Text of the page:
Bill Webb, whose direction of baseball broadcasts nationally for Fox Sports and locally for the Mets featured exceptional anticipation and rapid camera cuts to heighten tension, died on Tuesday in Morristown, N.J. He was 70.
His wife, Cynthia, said the cause was complications of cancer.
As a director at Fox and for SNY, the local cable home of the Mets, Webb made split-second decisions as he stitched the narrative of a game from live action, replays and graphics on dozens of screens in a production truck.
“The main thing that I try to do is bring the game up close and personal,” Webb said last year in an interview on Sports Video Group’s website upon his selection to the Sports Broadcasting Hall of Fame. “First, I try to be creative in setting the drama between the pitcher and batter, and then let the drama build as you get further into the game.”
He added, “It’s my job to put those people at home in the best seat in the ballpark, not in the cheap seats.”
Webb, known for his unruffled manner, accelerated the pace of his direction in the late innings of close games by cutting with urgency to different angles and using extreme close-ups and split-screens. Much of it was designed to enhance the drama in the 20 or 30 seconds between pitches and portray the anxiety felt by players, managers and fans.
The practical result of his direction during a game was to speed up some of the moments without action.
It was Webby time, which he loved,” Pete Macheska, who produced games at Fox with Webb, said in a phone interview. “In crunchtime, he’d just say he wants faces — tight shots of players and fans praying. You’d try to sell him on something else, like some sort of graphic, but you might as well forget it; you’ve got no shot. It was his ballgame, and he wasn’t listening to you.”
One of Webb’s signature moments was his direction of the aftermath of Aaron Boone’s 11th-inning home run to win Game 7 of the 2003 American League Championship Series for the Yankees over the Boston Red Sox.
For four minutes, Webb wove together dozens of images to show the parallel joy of the Yankees celebrating on field and the misery of the Red Sox, which he embodied in regular cuts to the disconsolate pitcher Pedro Martinez in the Boston dugout, his head covered by the hood of his sweatshirt. Every so often, Webb showed the Fox booth where Boone’s brother, Bret, a guest analyst, quietly watched.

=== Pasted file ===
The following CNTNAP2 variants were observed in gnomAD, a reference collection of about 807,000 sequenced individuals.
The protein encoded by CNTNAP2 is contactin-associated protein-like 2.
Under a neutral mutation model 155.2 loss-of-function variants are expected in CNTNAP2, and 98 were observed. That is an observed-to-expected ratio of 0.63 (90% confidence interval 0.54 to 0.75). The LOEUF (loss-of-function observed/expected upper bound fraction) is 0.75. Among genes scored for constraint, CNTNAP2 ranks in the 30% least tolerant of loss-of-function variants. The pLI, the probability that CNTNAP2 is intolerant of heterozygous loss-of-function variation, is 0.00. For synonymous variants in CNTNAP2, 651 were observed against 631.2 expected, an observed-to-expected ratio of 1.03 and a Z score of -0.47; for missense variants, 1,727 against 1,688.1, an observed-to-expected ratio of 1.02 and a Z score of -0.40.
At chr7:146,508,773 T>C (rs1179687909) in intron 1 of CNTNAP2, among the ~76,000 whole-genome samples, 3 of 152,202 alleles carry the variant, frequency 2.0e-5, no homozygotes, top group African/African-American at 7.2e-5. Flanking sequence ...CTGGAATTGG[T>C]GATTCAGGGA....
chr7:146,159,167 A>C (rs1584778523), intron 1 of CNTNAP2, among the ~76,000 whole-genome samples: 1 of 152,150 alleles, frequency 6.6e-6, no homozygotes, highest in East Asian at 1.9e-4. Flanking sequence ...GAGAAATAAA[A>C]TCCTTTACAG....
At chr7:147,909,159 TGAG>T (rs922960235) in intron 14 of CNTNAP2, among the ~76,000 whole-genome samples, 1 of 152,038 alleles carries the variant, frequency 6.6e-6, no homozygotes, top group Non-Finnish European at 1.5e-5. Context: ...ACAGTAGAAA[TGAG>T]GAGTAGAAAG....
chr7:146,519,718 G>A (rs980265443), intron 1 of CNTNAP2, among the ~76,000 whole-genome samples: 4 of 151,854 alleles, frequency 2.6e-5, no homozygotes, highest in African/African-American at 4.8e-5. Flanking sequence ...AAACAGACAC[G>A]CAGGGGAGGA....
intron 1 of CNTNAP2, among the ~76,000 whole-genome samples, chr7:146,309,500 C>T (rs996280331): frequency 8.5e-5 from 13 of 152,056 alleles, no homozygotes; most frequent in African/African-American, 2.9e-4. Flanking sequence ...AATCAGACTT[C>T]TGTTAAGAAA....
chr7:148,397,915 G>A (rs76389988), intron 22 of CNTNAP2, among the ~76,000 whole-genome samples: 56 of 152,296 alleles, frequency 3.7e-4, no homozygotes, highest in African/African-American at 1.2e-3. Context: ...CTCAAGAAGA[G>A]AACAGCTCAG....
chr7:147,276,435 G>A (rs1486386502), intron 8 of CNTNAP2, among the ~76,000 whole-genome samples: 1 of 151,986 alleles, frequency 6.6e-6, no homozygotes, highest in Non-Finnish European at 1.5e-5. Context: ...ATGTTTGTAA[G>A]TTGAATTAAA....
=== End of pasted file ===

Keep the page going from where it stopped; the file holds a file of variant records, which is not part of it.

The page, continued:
Gregg Picker, SNY’s senior coordinating producer for Mets games, worked beside Webb, watching him process the story line of a game from a bank of screens.
“What stands out for me with Webby,” he said in an interview, “was that I felt nothing was going to be missed. If you had a pivotal moment in a game, where runners are on first and third in a one-run game, I could count on him showing the catcher coming out in front of home plate to flash defensive signs, the manager pulling over whoever he was going to pinch-hit with, and the tension of the guys in the bullpen waiting to see if they were going to be summoned.”
William Howard Webb was born on Jan. 6, 1947, in West Orange, N.J., to Howard Webb, who worked in advertising, and the former Nancy Burtt, a secretary. Webb attended the University of Tennessee for one year before being hired at what is now WWOR-TV, which serves the New York City area. Working in the station’s traffic department, he “rotated the commercials and put the commercial cards in the deck,” he told Sports Video Group.
He began working on Mets broadcasts at the station, which owned the team’s television rights, and eventually became the director, building a relationship with the analyst Tim McCarver.
Last year, McCarver said that Webb’s interest in the intricacies of baseball helped amplify his commentary. Webb once asked McCarver why the second baseman and shortstop were communicating with their gloves over their mouths. McCarver, a former major league catcher, told him that they were deciding who would cover second base on a ground ball to the pitcher with a runner on first base.
“He would ask me questions like a real neophyte, but he wasn’t,” McCarver said. “He used his curiosity to learn how to be better.”
Webb also worked at ABC Sports, directing horse racing and other broadcasts as well as the “Wide World of Sports” anthology series, and at MSG Network, where he directed Yankee broadcasts before he joined Fox in 1996 and SNY in 2006.
Lung cancer kept Webb from directing the World Series in 2015, and he had planned to return for the 2016 Series. But he had another setback when he was injured in a fall at his home just before Game 1, preventing him from returning.
“I’ve always said nothing beats the postseason,” Webb said in October. “Every pitch means something. I miss that.”
Webb’s absence from last year’s Series prompted Joe Buck, Fox’s lead baseball announcer, to hold up a placard in his honor during the Stand Up to Cancer tribute to survivors and victims in Game 4. Webb’s lung cancer had gone into remission, but the cancer returned in his brain.
In addition to his wife, he is survived by his daughters, Samantha and Erin; his son, Matthew; his sister, Anne Lacey; and his brother, Frank.
Gary Cohen, a former Mets radio announcer, said that Webb helped nurture him when he turned to television as the Mets’ play-by-play man on SNY. He told the station on Tuesday, “He was the Vin Scully of directors.”